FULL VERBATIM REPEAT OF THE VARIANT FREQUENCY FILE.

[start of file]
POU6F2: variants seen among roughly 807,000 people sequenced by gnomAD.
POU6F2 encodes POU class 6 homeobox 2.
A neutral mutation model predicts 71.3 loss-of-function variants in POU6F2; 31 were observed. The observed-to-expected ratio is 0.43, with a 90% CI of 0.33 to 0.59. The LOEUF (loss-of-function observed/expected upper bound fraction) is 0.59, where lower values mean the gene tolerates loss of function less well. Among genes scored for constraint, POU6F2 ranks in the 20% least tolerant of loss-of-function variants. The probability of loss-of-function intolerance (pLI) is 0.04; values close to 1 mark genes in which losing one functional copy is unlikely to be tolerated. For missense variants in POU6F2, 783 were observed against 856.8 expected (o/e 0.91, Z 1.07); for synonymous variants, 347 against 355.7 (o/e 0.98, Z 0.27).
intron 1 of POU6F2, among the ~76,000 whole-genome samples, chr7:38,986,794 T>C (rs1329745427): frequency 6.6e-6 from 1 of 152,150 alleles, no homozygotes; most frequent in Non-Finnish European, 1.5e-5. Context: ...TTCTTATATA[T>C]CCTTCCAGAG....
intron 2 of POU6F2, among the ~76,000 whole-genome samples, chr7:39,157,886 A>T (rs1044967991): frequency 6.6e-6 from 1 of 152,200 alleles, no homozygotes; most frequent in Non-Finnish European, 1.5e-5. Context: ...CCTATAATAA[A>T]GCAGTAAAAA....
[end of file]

POU6F2: variants seen among roughly 807,000 people sequenced by gnomAD.
POU6F2 encodes POU class 6 homeobox 2.
A neutral mutation model predicts 71.3 loss-of-function variants in POU6F2; 31 were observed. The observed-to-expected ratio is 0.43, with a 90% CI of 0.33 to 0.59. The LOEUF (loss-of-function observed/expected upper bound fraction) is 0.59, where lower values mean the gene tolerates loss of function less well. Among genes scored for constraint, POU6F2 ranks in the 20% least tolerant of loss-of-function variants. The probability of loss-of-function intolerance (pLI) is 0.04; values close to 1 mark genes in which losing one functional copy is unlikely to be tolerated. For missense variants in POU6F2, 783 were observed against 856.8 expected (o/e 0.91, Z 1.07); for synonymous variants, 347 against 355.7 (o/e 0.98, Z 0.27).
intron 1 of POU6F2, among the ~76,000 whole-genome samples, chr7:38,986,794 T>C (rs1329745427): frequency 6.6e-6 from 1 of 152,150 alleles, no homozygotes; most frequent in Non-Finnish European, 1.5e-5. Context: ...TTCTTATATA[T>C]CCTTCCAGAG....
intron 2 of POU6F2, among the ~76,000 whole-genome samples, chr7:39,157,886 A>T (rs1044967991): frequency 6.6e-6 from 1 of 152,200 alleles, no homozygotes; most frequent in Non-Finnish European, 1.5e-5. Context: ...CCTATAATAA[A>T]GCAGTAAAAA....